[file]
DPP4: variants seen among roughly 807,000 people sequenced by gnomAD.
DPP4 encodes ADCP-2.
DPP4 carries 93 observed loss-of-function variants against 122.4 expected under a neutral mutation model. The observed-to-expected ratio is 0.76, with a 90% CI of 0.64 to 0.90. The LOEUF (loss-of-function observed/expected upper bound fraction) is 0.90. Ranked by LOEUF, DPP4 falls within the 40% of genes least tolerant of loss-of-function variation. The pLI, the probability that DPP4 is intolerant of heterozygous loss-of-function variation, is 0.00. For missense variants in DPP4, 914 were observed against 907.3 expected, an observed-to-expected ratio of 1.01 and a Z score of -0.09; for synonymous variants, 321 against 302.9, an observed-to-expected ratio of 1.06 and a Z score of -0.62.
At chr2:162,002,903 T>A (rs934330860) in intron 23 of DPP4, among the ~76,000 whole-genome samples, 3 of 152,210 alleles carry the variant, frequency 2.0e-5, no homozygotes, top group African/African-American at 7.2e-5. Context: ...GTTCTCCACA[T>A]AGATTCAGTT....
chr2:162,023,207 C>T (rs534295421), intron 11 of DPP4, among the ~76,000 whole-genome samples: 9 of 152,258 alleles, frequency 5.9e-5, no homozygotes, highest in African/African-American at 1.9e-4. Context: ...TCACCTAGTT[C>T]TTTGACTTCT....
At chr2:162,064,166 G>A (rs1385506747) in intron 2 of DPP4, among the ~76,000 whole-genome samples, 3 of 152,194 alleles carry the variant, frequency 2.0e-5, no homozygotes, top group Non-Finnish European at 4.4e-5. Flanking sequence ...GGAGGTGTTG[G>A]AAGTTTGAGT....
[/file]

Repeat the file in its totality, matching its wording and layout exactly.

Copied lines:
DPP4: variants seen among roughly 807,000 people sequenced by gnomAD.
DPP4 encodes ADCP-2.
DPP4 carries 93 observed loss-of-function variants against 122.4 expected under a neutral mutation model. The observed-to-expected ratio is 0.76, with a 90% CI of 0.64 to 0.90. The LOEUF (loss-of-function observed/expected upper bound fraction) is 0.90. Ranked by LOEUF, DPP4 falls within the 40% of genes least tolerant of loss-of-function variation. The pLI, the probability that DPP4 is intolerant of heterozygous loss-of-function variation, is 0.00. For missense variants in DPP4, 914 were observed against 907.3 expected, an observed-to-expected ratio of 1.01 and a Z score of -0.09; for synonymous variants, 321 against 302.9, an observed-to-expected ratio of 1.06 and a Z score of -0.62.
At chr2:162,002,903 T>A (rs934330860) in intron 23 of DPP4, among the ~76,000 whole-genome samples, 3 of 152,210 alleles carry the variant, frequency 2.0e-5, no homozygotes, top group African/African-American at 7.2e-5. Context: ...GTTCTCCACA[T>A]AGATTCAGTT....
chr2:162,023,207 C>T (rs534295421), intron 11 of DPP4, among the ~76,000 whole-genome samples: 9 of 152,258 alleles, frequency 5.9e-5, no homozygotes, highest in African/African-American at 1.9e-4. Context: ...TCACCTAGTT[C>T]TTTGACTTCT....
At chr2:162,064,166 G>A (rs1385506747) in intron 2 of DPP4, among the ~76,000 whole-genome samples, 3 of 152,194 alleles carry the variant, frequency 2.0e-5, no homozygotes, top group Non-Finnish European at 4.4e-5. Flanking sequence ...GGAGGTGTTG[G>A]AAGTTTGAGT....